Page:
“Francofonia,” a powerful cinematic essay on how art and war are irrevocably intertwined, has an ideal canvas and time peg for its philosophical musings: the Louvre Museum during the Nazi occupation of France.
In an elegiac documentary designed to raise questions more than answer them, director Alexander Sokurov has plenty of rueful observations about how iconic artworks make for excellent war trophies, because art embodies the heart and soul of a vanquished culture. We see the irony of the Germans seeking to haul away the Louvre treasures that the French themselves plundered from other nations.
Sokurov mixes archival footage, historical re-creations (both real and imagined), and meditative narration. Though some of his devices — a brash Napoleon (Vincent Nemeth) gallivanting through the Louvre, for example — don’t always work, his film never fails to keep us interested.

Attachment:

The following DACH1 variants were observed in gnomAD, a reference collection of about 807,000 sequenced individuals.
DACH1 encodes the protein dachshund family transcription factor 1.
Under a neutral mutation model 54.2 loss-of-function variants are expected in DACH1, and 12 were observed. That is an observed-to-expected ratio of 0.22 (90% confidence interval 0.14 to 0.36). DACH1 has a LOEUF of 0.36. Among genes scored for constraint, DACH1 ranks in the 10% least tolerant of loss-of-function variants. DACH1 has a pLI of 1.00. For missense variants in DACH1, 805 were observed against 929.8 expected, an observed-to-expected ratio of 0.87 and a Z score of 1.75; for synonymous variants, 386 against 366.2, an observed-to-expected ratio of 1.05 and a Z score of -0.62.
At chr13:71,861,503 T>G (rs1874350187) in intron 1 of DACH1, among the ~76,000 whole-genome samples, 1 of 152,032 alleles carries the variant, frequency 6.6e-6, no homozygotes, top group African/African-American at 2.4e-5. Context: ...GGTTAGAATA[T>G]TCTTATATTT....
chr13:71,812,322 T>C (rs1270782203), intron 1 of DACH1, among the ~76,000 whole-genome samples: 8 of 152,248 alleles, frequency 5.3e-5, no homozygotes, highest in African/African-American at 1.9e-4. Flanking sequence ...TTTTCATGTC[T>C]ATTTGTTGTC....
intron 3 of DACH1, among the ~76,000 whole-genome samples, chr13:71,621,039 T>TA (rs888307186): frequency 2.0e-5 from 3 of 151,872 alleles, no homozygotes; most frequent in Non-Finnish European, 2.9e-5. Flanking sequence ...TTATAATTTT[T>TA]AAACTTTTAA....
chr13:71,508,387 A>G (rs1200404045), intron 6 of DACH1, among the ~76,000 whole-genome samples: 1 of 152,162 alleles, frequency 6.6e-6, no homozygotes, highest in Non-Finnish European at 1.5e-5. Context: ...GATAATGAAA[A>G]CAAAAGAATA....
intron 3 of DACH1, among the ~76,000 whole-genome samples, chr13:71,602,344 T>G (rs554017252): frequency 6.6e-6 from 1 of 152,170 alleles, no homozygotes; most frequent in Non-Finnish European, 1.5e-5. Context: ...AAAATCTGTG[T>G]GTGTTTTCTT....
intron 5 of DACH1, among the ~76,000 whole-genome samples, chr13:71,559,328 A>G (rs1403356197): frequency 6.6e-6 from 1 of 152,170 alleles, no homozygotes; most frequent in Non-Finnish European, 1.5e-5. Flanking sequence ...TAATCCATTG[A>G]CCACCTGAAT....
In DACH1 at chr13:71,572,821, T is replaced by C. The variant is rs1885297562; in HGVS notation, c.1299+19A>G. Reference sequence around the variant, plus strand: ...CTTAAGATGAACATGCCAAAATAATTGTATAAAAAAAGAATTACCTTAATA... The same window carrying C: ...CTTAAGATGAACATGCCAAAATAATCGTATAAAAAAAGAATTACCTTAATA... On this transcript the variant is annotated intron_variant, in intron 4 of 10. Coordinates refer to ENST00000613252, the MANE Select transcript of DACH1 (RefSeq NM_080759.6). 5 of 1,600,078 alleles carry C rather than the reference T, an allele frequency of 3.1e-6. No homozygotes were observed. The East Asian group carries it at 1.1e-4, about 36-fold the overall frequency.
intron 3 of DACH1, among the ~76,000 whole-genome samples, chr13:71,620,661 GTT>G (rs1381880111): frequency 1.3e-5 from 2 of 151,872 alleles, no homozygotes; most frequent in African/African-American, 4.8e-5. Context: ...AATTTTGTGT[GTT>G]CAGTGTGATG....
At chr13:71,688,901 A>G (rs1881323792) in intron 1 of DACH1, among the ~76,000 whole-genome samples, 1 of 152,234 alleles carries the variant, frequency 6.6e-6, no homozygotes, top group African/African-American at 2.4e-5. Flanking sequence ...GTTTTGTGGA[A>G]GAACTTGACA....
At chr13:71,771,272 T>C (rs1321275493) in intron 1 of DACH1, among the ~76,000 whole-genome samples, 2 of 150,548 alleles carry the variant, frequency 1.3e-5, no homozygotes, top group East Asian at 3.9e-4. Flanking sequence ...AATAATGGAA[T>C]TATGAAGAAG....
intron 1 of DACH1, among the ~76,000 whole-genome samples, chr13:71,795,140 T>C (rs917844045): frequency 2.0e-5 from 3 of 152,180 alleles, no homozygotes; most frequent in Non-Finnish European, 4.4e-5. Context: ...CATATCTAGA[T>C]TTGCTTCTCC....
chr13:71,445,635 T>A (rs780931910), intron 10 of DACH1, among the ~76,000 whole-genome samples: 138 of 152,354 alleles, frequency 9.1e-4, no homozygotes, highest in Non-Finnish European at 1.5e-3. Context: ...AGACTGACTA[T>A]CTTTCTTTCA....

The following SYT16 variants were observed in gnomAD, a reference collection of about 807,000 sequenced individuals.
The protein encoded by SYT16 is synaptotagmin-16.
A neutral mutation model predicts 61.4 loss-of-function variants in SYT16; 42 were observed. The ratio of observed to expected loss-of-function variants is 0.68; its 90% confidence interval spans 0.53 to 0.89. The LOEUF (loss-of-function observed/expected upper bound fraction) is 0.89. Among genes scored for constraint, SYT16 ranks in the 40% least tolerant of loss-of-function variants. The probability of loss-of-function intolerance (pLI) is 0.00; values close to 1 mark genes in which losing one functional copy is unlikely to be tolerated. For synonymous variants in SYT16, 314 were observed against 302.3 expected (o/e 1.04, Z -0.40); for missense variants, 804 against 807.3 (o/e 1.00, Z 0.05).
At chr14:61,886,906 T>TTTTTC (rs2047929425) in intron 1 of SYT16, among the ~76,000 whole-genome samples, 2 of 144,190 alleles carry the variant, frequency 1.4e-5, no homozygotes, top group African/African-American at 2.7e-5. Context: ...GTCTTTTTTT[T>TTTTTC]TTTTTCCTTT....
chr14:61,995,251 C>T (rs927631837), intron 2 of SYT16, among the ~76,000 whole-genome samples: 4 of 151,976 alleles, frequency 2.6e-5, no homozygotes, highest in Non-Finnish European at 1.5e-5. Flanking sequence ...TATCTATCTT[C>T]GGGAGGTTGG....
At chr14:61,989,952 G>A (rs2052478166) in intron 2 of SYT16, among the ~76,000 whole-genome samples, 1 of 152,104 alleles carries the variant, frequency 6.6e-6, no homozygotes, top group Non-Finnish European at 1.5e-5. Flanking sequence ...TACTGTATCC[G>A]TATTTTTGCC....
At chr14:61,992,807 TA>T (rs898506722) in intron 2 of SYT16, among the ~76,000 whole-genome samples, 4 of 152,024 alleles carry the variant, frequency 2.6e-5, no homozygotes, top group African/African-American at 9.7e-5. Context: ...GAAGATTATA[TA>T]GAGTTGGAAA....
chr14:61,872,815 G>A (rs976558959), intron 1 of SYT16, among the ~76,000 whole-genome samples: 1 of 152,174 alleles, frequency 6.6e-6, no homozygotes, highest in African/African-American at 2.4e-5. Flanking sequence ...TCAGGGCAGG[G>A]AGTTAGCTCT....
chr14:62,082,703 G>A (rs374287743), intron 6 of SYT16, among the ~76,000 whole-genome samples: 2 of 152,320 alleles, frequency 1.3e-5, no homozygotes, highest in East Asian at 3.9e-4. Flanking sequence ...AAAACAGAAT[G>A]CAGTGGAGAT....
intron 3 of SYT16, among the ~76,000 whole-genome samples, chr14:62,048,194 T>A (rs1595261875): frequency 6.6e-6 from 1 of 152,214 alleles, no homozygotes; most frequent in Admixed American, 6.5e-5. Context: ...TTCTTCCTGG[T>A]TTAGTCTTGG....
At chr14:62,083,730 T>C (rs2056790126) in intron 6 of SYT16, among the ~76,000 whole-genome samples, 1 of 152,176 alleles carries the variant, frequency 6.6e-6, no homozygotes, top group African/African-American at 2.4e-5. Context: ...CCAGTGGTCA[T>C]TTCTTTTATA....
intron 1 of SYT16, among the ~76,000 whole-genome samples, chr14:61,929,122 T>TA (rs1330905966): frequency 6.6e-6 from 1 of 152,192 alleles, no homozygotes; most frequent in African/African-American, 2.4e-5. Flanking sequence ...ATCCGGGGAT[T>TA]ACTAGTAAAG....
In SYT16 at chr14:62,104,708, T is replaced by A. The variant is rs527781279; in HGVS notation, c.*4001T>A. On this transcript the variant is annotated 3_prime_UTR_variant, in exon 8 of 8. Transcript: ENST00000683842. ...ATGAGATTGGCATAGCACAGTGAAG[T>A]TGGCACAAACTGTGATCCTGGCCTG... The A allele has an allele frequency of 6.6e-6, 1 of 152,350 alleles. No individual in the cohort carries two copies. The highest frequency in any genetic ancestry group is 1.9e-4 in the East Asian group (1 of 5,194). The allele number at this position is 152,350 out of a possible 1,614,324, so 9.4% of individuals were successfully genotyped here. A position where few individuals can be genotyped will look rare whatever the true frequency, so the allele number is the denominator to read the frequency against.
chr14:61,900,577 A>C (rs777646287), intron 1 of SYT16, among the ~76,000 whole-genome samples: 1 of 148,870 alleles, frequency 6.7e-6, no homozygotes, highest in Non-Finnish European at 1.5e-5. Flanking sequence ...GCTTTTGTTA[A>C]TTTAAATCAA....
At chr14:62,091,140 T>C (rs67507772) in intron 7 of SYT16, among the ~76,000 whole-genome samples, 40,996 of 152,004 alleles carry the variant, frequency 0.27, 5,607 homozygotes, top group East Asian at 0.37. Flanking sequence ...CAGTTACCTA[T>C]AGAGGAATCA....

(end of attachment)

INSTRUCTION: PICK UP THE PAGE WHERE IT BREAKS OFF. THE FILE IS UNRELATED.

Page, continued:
That’s because he balances his poetic, intellectual essaying with a compelling narrative involving Jacques Jaujard (Louis-Do de Lencquesaing), the Louvre’s director during World War II, and Franz Wolff-Metternich (Benjamin Utzerath), an art maven in charge of seizing the priceless collection for Germany. The relationship between these two men was pivotal to keeping these treasures out of Hitler’s hands.
At one point, Sokurov laments how Russian art collections in St. Petersburg did not get the same deference as the French ones. It’s a searing sequence, but it ventures into tricky territory: The film mourns the loss of art — without delving into the loss of people. From the beginning, Sokurov asserts that museums strive to exist behind their walls, impervious to the world, yet war has a way of making them seem fragile.
(At the Tivoli.)
Not rated. Time: 1:28.